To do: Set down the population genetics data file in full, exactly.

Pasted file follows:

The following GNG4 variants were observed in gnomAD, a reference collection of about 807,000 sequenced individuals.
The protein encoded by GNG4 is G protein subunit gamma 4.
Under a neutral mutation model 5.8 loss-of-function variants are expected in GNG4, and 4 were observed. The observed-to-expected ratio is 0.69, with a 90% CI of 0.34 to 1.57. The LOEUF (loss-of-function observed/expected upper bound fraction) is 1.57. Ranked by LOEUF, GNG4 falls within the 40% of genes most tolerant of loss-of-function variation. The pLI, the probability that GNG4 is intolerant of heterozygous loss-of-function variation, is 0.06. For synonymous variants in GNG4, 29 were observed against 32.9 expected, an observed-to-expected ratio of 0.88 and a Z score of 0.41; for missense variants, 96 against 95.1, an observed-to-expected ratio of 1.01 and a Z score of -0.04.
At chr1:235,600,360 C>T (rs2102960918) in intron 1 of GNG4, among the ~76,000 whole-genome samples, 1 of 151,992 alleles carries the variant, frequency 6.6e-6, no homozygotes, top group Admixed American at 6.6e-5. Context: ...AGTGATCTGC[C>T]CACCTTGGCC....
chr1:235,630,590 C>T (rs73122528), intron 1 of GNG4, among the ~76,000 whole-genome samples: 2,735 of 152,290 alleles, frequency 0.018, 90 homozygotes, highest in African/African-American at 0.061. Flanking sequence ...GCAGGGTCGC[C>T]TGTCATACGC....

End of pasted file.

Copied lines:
The following GNG4 variants were observed in gnomAD, a reference collection of about 807,000 sequenced individuals.
The protein encoded by GNG4 is G protein subunit gamma 4.
Under a neutral mutation model 5.8 loss-of-function variants are expected in GNG4, and 4 were observed. The observed-to-expected ratio is 0.69, with a 90% CI of 0.34 to 1.57. The LOEUF (loss-of-function observed/expected upper bound fraction) is 1.57. Ranked by LOEUF, GNG4 falls within the 40% of genes most tolerant of loss-of-function variation. The pLI, the probability that GNG4 is intolerant of heterozygous loss-of-function variation, is 0.06. For synonymous variants in GNG4, 29 were observed against 32.9 expected, an observed-to-expected ratio of 0.88 and a Z score of 0.41; for missense variants, 96 against 95.1, an observed-to-expected ratio of 1.01 and a Z score of -0.04.
At chr1:235,600,360 C>T (rs2102960918) in intron 1 of GNG4, among the ~76,000 whole-genome samples, 1 of 151,992 alleles carries the variant, frequency 6.6e-6, no homozygotes, top group Admixed American at 6.6e-5. Context: ...AGTGATCTGC[C>T]CACCTTGGCC....
chr1:235,630,590 C>T (rs73122528), intron 1 of GNG4, among the ~76,000 whole-genome samples: 2,735 of 152,290 alleles, frequency 0.018, 90 homozygotes, highest in African/African-American at 0.061. Flanking sequence ...GCAGGGTCGC[C>T]TGTCATACGC....